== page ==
Journal of Religion and Health

, Volume 52, Issue 2, pp 514–530

HIV/AIDS Prevention, Faith, and Spirituality among Black/African American and Latino Communities in the United States: Strengthening Scientific Faith-Based Efforts to Shift the Course of the Epidemic and Reduce HIV-Related Health Disparities

Original Paper

DOI: 10.1007/s10943-011-9499-z

Cite this article as:
Sutton, M.Y. & Parks, C.P. J Relig Health (2013) 52: 514. doi:10.1007/s10943-011-9499-z

Abstract

Black/African American and Latino communities are disproportionately affected by the domestic HIV/AIDS epidemic. Blacks/African Americans and Latinos are also more likely to report a formal, religious, or faith affiliation when compared with non-Hispanic whites. As such, faith leaders and their institutions have been identified in the National HIV/AIDS Strategy as having a vital role to serve in reducing: (1) HIV-related health disparities and (2) the number of new HIV infections by promoting non-judgmental support for persons living with and at risk for HIV/AIDS and by serving as trusted information resources for their congregants and communities. We describe faith doctrines and faith–science partnerships that are increasing in support of faith-based HIV prevention and service delivery activities and discuss the vital role of these faith-based efforts in highly affected black/African American and Latino communities.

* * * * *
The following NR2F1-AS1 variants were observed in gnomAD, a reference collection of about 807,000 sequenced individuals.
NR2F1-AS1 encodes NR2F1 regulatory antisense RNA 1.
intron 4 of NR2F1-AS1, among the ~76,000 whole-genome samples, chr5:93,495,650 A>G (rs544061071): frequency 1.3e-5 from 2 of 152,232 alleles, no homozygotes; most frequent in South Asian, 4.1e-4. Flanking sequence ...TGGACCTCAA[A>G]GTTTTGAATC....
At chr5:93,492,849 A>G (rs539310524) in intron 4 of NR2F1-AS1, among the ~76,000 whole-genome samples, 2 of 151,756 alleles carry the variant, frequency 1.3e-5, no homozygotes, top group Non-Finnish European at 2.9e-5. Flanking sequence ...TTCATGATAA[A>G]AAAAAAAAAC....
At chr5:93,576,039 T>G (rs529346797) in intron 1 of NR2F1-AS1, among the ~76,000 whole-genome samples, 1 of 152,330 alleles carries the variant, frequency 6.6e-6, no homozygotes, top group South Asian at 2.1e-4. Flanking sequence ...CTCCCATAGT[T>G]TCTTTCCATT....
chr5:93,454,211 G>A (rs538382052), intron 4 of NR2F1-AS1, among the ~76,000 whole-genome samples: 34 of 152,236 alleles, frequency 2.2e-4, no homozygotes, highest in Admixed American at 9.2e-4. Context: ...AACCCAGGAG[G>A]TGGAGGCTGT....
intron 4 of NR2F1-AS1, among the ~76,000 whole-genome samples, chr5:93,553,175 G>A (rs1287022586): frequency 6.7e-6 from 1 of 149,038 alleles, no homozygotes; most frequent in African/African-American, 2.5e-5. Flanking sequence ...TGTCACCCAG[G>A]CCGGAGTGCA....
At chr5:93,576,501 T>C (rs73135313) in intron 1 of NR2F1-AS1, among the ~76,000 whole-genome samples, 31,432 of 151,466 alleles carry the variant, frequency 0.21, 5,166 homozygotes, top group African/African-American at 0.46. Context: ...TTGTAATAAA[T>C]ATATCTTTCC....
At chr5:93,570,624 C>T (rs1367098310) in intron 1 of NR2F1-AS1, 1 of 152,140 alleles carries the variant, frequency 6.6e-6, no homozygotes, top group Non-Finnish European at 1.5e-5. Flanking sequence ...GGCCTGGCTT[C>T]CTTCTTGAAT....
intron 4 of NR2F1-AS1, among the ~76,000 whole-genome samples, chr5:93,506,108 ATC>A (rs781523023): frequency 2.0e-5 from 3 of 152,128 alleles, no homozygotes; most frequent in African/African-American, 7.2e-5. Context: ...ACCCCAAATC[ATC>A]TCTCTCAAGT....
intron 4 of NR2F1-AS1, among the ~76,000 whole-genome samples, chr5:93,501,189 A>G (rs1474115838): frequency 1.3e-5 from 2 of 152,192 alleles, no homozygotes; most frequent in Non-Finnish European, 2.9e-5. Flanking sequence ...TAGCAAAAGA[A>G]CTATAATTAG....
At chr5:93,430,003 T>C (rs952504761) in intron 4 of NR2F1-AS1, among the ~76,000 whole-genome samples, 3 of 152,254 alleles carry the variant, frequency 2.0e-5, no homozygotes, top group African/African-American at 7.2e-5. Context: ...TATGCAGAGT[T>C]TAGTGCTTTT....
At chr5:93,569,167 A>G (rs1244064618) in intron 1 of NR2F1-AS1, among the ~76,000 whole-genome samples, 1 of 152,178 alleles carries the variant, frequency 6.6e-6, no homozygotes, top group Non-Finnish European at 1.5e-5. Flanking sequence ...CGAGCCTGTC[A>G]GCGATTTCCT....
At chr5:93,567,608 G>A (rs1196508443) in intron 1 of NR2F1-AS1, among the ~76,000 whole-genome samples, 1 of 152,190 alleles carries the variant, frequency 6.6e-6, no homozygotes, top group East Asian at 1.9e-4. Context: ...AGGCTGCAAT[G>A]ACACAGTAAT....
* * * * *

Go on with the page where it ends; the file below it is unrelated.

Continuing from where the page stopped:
Keywords

HIV AIDS Faith Communities of color Disparities 

Copyright information

© Springer Science+Business Media, LLC 2011

Authors and Affiliations

  1. 1.Division of HIV/AIDS Prevention, National Centers for HIV, Viral Hepatitis, STD and TB PreventionCenters for Disease Control and PreventionAtlantaUSA
  2. 2.Division of HIV/AIDS Prevention, National Centers for HIV, Viral Hepatitis, STD and TB PreventionCenters for Disease Control and PreventionAtlantaUSA

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